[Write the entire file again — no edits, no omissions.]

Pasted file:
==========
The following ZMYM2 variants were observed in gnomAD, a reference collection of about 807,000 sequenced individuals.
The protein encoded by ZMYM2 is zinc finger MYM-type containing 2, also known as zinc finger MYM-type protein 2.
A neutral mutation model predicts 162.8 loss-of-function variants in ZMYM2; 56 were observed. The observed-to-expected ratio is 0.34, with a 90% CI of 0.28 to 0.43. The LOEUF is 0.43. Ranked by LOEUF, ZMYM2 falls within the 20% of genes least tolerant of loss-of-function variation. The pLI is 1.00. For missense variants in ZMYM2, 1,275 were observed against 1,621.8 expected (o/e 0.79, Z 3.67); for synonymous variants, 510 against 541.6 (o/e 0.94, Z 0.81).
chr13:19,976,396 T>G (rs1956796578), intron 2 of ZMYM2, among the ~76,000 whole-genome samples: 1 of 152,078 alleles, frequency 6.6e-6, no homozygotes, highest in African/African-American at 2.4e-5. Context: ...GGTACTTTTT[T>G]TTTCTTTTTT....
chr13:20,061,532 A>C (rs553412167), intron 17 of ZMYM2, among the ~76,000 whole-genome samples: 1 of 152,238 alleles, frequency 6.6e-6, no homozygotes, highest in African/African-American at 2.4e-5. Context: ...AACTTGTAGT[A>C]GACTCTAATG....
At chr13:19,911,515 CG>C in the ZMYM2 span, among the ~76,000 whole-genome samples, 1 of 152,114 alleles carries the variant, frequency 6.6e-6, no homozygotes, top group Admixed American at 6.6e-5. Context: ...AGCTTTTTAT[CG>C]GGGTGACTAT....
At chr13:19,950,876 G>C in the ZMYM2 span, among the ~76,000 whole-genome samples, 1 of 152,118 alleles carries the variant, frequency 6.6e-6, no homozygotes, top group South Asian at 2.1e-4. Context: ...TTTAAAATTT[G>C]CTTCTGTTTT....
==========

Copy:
The following ZMYM2 variants were observed in gnomAD, a reference collection of about 807,000 sequenced individuals.
The protein encoded by ZMYM2 is zinc finger MYM-type containing 2, also known as zinc finger MYM-type protein 2.
A neutral mutation model predicts 162.8 loss-of-function variants in ZMYM2; 56 were observed. The observed-to-expected ratio is 0.34, with a 90% CI of 0.28 to 0.43. The LOEUF is 0.43. Ranked by LOEUF, ZMYM2 falls within the 20% of genes least tolerant of loss-of-function variation. The pLI is 1.00. For missense variants in ZMYM2, 1,275 were observed against 1,621.8 expected (o/e 0.79, Z 3.67); for synonymous variants, 510 against 541.6 (o/e 0.94, Z 0.81).
chr13:19,976,396 T>G (rs1956796578), intron 2 of ZMYM2, among the ~76,000 whole-genome samples: 1 of 152,078 alleles, frequency 6.6e-6, no homozygotes, highest in African/African-American at 2.4e-5. Context: ...GGTACTTTTT[T>G]TTTCTTTTTT....
chr13:20,061,532 A>C (rs553412167), intron 17 of ZMYM2, among the ~76,000 whole-genome samples: 1 of 152,238 alleles, frequency 6.6e-6, no homozygotes, highest in African/African-American at 2.4e-5. Context: ...AACTTGTAGT[A>C]GACTCTAATG....
At chr13:19,911,515 CG>C in the ZMYM2 span, among the ~76,000 whole-genome samples, 1 of 152,114 alleles carries the variant, frequency 6.6e-6, no homozygotes, top group Admixed American at 6.6e-5. Context: ...AGCTTTTTAT[CG>C]GGGTGACTAT....
At chr13:19,950,876 G>C in the ZMYM2 span, among the ~76,000 whole-genome samples, 1 of 152,118 alleles carries the variant, frequency 6.6e-6, no homozygotes, top group South Asian at 2.1e-4. Context: ...TTTAAAATTT[G>C]CTTCTGTTTT....